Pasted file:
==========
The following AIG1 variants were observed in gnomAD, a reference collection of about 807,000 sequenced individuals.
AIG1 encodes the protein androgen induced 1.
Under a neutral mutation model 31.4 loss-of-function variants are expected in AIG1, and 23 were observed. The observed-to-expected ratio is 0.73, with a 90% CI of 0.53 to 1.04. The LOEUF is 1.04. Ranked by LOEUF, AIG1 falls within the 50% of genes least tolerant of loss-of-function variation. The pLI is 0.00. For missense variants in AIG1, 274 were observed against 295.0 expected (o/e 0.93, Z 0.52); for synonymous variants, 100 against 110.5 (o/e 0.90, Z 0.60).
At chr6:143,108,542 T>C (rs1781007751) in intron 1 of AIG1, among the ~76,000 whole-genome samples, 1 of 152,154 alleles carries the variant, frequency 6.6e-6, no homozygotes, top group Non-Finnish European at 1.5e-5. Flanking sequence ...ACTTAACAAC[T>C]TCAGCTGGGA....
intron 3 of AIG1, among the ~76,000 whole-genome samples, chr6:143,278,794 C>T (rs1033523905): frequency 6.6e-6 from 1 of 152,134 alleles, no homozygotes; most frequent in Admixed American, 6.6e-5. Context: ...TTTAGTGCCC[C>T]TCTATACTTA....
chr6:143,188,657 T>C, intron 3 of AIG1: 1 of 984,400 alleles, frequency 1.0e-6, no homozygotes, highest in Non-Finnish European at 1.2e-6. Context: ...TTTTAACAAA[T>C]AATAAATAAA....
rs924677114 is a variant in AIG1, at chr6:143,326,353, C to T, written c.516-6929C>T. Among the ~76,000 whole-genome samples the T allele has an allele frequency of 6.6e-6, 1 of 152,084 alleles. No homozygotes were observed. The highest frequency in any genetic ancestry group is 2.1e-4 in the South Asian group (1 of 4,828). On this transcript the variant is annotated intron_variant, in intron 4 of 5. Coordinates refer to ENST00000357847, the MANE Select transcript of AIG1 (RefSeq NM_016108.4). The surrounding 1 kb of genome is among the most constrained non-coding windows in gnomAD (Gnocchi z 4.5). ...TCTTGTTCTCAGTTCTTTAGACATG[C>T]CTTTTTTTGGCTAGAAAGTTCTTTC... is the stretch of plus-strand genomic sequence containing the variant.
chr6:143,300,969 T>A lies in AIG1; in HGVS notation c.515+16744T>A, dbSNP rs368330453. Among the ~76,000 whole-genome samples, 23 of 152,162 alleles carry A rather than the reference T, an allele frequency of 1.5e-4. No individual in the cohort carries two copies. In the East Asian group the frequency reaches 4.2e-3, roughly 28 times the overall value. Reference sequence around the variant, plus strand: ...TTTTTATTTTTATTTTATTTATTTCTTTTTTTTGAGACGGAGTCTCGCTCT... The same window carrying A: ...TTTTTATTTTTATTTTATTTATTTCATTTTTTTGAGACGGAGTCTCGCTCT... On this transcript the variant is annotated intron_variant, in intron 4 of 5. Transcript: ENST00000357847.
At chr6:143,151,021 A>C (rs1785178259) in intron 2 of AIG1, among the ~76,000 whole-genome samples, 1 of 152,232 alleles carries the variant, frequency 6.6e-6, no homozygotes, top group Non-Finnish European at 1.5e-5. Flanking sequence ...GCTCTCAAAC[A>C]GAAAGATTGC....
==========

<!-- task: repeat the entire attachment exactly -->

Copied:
The following AIG1 variants were observed in gnomAD, a reference collection of about 807,000 sequenced individuals.
AIG1 encodes the protein androgen induced 1.
Under a neutral mutation model 31.4 loss-of-function variants are expected in AIG1, and 23 were observed. The observed-to-expected ratio is 0.73, with a 90% CI of 0.53 to 1.04. The LOEUF is 1.04. Ranked by LOEUF, AIG1 falls within the 50% of genes least tolerant of loss-of-function variation. The pLI is 0.00. For missense variants in AIG1, 274 were observed against 295.0 expected (o/e 0.93, Z 0.52); for synonymous variants, 100 against 110.5 (o/e 0.90, Z 0.60).
At chr6:143,108,542 T>C (rs1781007751) in intron 1 of AIG1, among the ~76,000 whole-genome samples, 1 of 152,154 alleles carries the variant, frequency 6.6e-6, no homozygotes, top group Non-Finnish European at 1.5e-5. Flanking sequence ...ACTTAACAAC[T>C]TCAGCTGGGA....
intron 3 of AIG1, among the ~76,000 whole-genome samples, chr6:143,278,794 C>T (rs1033523905): frequency 6.6e-6 from 1 of 152,134 alleles, no homozygotes; most frequent in Admixed American, 6.6e-5. Context: ...TTTAGTGCCC[C>T]TCTATACTTA....
chr6:143,188,657 T>C, intron 3 of AIG1: 1 of 984,400 alleles, frequency 1.0e-6, no homozygotes, highest in Non-Finnish European at 1.2e-6. Context: ...TTTTAACAAA[T>C]AATAAATAAA....
rs924677114 is a variant in AIG1, at chr6:143,326,353, C to T, written c.516-6929C>T. Among the ~76,000 whole-genome samples the T allele has an allele frequency of 6.6e-6, 1 of 152,084 alleles. No homozygotes were observed. The highest frequency in any genetic ancestry group is 2.1e-4 in the South Asian group (1 of 4,828). On this transcript the variant is annotated intron_variant, in intron 4 of 5. Coordinates refer to ENST00000357847, the MANE Select transcript of AIG1 (RefSeq NM_016108.4). The surrounding 1 kb of genome is among the most constrained non-coding windows in gnomAD (Gnocchi z 4.5). ...TCTTGTTCTCAGTTCTTTAGACATG[C>T]CTTTTTTTGGCTAGAAAGTTCTTTC... is the stretch of plus-strand genomic sequence containing the variant.
chr6:143,300,969 T>A lies in AIG1; in HGVS notation c.515+16744T>A, dbSNP rs368330453. Among the ~76,000 whole-genome samples, 23 of 152,162 alleles carry A rather than the reference T, an allele frequency of 1.5e-4. No individual in the cohort carries two copies. In the East Asian group the frequency reaches 4.2e-3, roughly 28 times the overall value. Reference sequence around the variant, plus strand: ...TTTTTATTTTTATTTTATTTATTTCTTTTTTTTGAGACGGAGTCTCGCTCT... The same window carrying A: ...TTTTTATTTTTATTTTATTTATTTCATTTTTTTGAGACGGAGTCTCGCTCT... On this transcript the variant is annotated intron_variant, in intron 4 of 5. Transcript: ENST00000357847.
At chr6:143,151,021 A>C (rs1785178259) in intron 2 of AIG1, among the ~76,000 whole-genome samples, 1 of 152,232 alleles carries the variant, frequency 6.6e-6, no homozygotes, top group Non-Finnish European at 1.5e-5. Flanking sequence ...GCTCTCAAAC[A>C]GAAAGATTGC....